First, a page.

Sticklers for Details: The Endless Variations

Stamp collectors (and, I assume, pin collectors) can sometimes go bonkers when it comes to variations on a theme. In this case, the theme is the average, yet perfect, version of a stamp, and the variations are all the many copies that have different shades of ink color, different perforation spacings, different types of paper on which they were printed, mistakes (technically, errors), watermarks, printing methods, and on and on.

$5 ankh-Morpork triangle stamp

I have three stamp collections. One consists of used, 19th century, United States stamps. Another contains precanceled stamp from Wisconsin. The final one is made of worldwide stamps that are triangle-shaped (similar to the $5 Snkh-Morpork stamp shown here).

Speaking of all those variations, I don’t like that there are so many for older US stamps, so I created my own catalogue that folks can use if they are of a like mind. Instead of the many hundreds of varieties you’d have to acquire to make your collection complete, I limit that number to just 109. While you still may not have the funds to get all 109 of those stamps, it’s at least a more reasonable goal, IMHO.

The First Stamp: Penny Black

Terry knew what he was doing when he made the first Ankh-Morpork Post Office stamp. Just compare the two below.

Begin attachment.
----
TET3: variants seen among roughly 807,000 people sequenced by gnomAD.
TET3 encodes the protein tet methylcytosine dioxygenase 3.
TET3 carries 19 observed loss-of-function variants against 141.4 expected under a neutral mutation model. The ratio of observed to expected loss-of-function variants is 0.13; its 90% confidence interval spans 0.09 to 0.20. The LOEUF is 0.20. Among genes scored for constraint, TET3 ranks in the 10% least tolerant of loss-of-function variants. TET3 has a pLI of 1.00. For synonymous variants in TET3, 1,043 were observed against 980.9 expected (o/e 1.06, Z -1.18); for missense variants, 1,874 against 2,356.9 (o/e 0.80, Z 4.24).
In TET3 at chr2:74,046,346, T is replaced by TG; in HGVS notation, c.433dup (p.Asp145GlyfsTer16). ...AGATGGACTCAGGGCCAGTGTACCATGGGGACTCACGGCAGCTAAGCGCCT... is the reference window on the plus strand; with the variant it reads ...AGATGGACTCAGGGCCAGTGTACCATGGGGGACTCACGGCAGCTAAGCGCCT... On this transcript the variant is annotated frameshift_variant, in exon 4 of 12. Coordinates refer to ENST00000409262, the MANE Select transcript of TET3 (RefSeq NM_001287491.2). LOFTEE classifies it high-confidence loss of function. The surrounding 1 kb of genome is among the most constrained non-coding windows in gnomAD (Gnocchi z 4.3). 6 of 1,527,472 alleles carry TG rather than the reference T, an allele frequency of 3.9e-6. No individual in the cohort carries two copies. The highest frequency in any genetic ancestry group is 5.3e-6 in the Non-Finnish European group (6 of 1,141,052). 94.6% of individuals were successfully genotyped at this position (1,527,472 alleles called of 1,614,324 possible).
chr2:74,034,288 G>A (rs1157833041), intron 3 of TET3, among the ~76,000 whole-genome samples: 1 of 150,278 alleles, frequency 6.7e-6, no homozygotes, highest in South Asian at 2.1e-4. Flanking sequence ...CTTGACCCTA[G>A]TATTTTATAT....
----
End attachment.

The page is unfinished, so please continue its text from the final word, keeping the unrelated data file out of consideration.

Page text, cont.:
Nuf said?

Well, maybe not quite nuf. You may not know that the one on the right is nicknamed the Penny Black and is the first stamp ever issued (by Great Britain).

Going Postal, a Numbered Chapter Book

One last item before I stop writing about this amazing Pratchett story.

Not many Discworld novels contain actual chapters. Terry usually just flows from one scene to the next via a break in the text and maybe a few asterisks.

Going Postal, however, is unusual in that, in addition to being comprised of chapters, said chapters are actually numbered.

I just recently noticed that the chapter between 7 and 9 isn’t what the average person would expect. If you know how Terry’s mind works, though, you can guess what number he slips in there.

Choose Pins or Stamps instead of Going Postal
Article Name
Choose Pins or Stamps instead of Going Postal
A few notes and comments on Terry Pratchett's Discworld novel entitled Going Postal.
Publisher Name
Narrativium Reviews
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2 thoughts on “Choose Pins or Stamps instead of Going Postal”

  1. The pin collecting was probably the most ridiculous thing in a totally ridiculous movie.

    “We don’t do nails. We get kids in here.”

    regarding Extreme Pins: “It has a lot of women wearing leather in it.”
    – “They’re all holding pins.”

    It all seems so true-to-life, not just about stamp collecting, but also about dirty books and all the things that people collect (watch a few episodes of Pawn Stars to see the things that people will pay outrageous amounts of money for that merely take up space – me, I’d rather have a piece of furniture or go for a hike, rather than build and admire a display filled with 1960’s toys or a waffle iron from the 1950’s.